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'Food justice' focus of Local to Global Justice Festival

Local to Global Justice 2014 poster
February 26, 2014

Rain or shine, the 13th annual Local to Global Justice Forum and Festival at ASU’s Tempe campus kicks off this weekend and promises to be the biggest yet.

“The community and campus response to this year’s theme of food justice is unprecedented,” says faculty organizer Beth Blue Swadener, professor of justice and social inquiry and associate director of the School of Social Transformation. “The cross-section of topics, the number of organizations participating and the many opportunities for participants to get directly involved will make it our best effort yet. The terrific catering and the addition of a Farmers Market at this year’s event will also be quite something!”

The festival kicks off at 5 p.m., Feb. 28, outside Neeb Hall, with refreshments catered by Pomegranate Café. Beginning at 6 p.m., there will be entertainment by The Cyphers hip-hop dance collective, as well as performance artists Kate Saunders, Jade Catron and Joy Young.

March 1-2 are full days of workshops, panel discussions, youth activities and film screenings in the Farmer Building that explore the complex connections between race, class and food; health, nutrition and food; and global food systems.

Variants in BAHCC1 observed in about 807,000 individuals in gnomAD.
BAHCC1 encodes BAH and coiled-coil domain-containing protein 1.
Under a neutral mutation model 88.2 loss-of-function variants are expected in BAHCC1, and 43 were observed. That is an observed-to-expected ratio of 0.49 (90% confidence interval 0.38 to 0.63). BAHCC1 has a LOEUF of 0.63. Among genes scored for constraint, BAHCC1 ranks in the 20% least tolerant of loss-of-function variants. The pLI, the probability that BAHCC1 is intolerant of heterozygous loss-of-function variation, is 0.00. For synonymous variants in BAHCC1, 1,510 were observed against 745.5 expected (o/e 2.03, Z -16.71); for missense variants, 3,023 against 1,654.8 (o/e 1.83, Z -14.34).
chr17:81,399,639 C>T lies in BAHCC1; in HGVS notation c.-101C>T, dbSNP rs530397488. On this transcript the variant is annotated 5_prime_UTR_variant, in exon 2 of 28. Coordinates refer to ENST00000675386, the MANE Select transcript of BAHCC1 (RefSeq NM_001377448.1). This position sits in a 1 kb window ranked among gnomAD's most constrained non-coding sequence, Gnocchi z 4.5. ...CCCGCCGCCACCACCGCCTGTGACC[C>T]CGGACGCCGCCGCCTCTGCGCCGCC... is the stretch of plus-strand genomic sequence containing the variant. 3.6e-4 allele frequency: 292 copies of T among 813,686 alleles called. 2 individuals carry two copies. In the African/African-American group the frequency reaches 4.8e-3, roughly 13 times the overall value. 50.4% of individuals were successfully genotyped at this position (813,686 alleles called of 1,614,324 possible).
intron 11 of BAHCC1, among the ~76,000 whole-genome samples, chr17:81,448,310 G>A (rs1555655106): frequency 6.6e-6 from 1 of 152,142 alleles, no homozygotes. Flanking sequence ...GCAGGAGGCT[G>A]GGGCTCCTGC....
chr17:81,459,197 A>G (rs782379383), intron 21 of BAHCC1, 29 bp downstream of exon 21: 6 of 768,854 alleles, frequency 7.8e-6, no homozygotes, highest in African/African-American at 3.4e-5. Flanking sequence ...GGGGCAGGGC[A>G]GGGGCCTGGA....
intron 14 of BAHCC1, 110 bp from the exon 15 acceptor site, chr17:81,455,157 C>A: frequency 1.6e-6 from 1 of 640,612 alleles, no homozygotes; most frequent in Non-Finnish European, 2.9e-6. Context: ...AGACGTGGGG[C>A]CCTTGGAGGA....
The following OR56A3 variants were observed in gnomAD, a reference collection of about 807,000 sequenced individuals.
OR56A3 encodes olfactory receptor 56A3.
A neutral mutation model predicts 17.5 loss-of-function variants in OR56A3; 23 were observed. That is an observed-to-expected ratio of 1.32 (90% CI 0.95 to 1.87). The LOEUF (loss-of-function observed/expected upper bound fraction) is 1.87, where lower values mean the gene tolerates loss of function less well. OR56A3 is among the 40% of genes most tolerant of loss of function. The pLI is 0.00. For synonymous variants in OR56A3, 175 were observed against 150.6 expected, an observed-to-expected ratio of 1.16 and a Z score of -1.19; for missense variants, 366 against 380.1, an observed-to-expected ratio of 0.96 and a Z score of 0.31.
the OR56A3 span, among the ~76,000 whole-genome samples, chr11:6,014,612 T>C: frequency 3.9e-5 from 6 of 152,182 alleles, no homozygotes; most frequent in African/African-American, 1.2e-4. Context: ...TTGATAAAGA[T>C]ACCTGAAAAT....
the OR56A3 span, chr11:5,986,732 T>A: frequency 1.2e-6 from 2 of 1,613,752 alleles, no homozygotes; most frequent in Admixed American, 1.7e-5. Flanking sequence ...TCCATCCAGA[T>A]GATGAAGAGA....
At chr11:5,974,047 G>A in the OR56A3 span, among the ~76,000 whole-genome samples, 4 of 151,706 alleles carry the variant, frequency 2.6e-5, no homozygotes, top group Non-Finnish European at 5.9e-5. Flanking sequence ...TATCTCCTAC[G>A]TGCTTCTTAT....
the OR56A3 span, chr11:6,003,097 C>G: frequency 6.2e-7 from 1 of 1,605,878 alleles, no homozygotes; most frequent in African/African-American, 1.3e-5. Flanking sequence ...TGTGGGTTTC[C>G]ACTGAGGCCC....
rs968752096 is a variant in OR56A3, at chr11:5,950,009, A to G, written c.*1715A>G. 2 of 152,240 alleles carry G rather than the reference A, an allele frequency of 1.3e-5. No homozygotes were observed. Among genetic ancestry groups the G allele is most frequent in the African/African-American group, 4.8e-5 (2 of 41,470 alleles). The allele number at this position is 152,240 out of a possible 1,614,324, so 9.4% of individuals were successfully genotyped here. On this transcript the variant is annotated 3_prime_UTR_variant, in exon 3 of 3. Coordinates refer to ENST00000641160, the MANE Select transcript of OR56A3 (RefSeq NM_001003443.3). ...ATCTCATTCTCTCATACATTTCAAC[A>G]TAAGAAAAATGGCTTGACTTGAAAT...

Breaks throughout the festival give participants the chance to enjoy music and performances from a number of groups from the Southwest, as well as vegan and vegetarian refreshments from local caterers.

Organizers have invited speakers working locally and regionally on an array of food justice issues – from urban gardens, to GMO and nutrition issues, to faculty doing research on regional food politics in the global South.

Saturday’s keynote speaker is Darren Chapman, CEO of the Tigermountain Foundation, a Phoenix organization that is using community gardens to bridge social barriers to attack tough problems, from gangs and recidivism to poor health and under- and unemployment.

Sunday’s schedule features two keynote events: a youth keynote by Anna Rose Mohr-Almeida, an 11-year-old activist, college student and founder of Kids Climate Action Network (Kids CAN!); and a keynote by Keith McHenry – artist, author, chef and organizer – who helped found Food Not Bombs and has recovered, cooked and shared food with the hungry for more than 30 years.

All events are free and open to the public, and provisions have been made for indoor space in case of rain. Participants are encouraged to bring fruit or non-perishables for St. Mary's Food Bank to share at the event.

Explore the full schedule of Local to Global Justice 2014 events.